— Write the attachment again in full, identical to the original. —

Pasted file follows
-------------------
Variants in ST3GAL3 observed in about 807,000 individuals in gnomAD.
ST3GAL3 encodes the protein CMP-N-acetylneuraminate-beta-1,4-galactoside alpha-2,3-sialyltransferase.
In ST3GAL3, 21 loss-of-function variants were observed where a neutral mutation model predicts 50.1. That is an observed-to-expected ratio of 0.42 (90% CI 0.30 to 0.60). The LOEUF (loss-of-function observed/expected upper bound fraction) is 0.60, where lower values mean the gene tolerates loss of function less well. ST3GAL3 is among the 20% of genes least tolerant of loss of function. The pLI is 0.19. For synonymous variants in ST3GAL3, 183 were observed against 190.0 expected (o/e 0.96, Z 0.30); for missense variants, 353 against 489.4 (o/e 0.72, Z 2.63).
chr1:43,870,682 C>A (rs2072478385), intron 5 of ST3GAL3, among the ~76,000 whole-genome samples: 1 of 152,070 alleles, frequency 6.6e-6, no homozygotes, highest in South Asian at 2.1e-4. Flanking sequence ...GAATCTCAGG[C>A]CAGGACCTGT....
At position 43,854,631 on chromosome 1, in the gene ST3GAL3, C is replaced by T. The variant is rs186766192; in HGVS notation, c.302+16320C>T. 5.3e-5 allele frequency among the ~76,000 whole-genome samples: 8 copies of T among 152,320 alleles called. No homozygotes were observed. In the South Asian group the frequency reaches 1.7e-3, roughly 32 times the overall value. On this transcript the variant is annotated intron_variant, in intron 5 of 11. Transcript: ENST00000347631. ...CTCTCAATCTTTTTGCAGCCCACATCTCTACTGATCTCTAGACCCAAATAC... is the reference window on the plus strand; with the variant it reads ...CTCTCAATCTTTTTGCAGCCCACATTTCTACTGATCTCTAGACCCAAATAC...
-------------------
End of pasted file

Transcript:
Variants in ST3GAL3 observed in about 807,000 individuals in gnomAD.
ST3GAL3 encodes the protein CMP-N-acetylneuraminate-beta-1,4-galactoside alpha-2,3-sialyltransferase.
In ST3GAL3, 21 loss-of-function variants were observed where a neutral mutation model predicts 50.1. That is an observed-to-expected ratio of 0.42 (90% CI 0.30 to 0.60). The LOEUF (loss-of-function observed/expected upper bound fraction) is 0.60, where lower values mean the gene tolerates loss of function less well. ST3GAL3 is among the 20% of genes least tolerant of loss of function. The pLI is 0.19. For synonymous variants in ST3GAL3, 183 were observed against 190.0 expected (o/e 0.96, Z 0.30); for missense variants, 353 against 489.4 (o/e 0.72, Z 2.63).
chr1:43,870,682 C>A (rs2072478385), intron 5 of ST3GAL3, among the ~76,000 whole-genome samples: 1 of 152,070 alleles, frequency 6.6e-6, no homozygotes, highest in South Asian at 2.1e-4. Flanking sequence ...GAATCTCAGG[C>A]CAGGACCTGT....
At position 43,854,631 on chromosome 1, in the gene ST3GAL3, C is replaced by T. The variant is rs186766192; in HGVS notation, c.302+16320C>T. 5.3e-5 allele frequency among the ~76,000 whole-genome samples: 8 copies of T among 152,320 alleles called. No homozygotes were observed. In the South Asian group the frequency reaches 1.7e-3, roughly 32 times the overall value. On this transcript the variant is annotated intron_variant, in intron 5 of 11. Transcript: ENST00000347631. ...CTCTCAATCTTTTTGCAGCCCACATCTCTACTGATCTCTAGACCCAAATAC... is the reference window on the plus strand; with the variant it reads ...CTCTCAATCTTTTTGCAGCCCACATTTCTACTGATCTCTAGACCCAAATAC...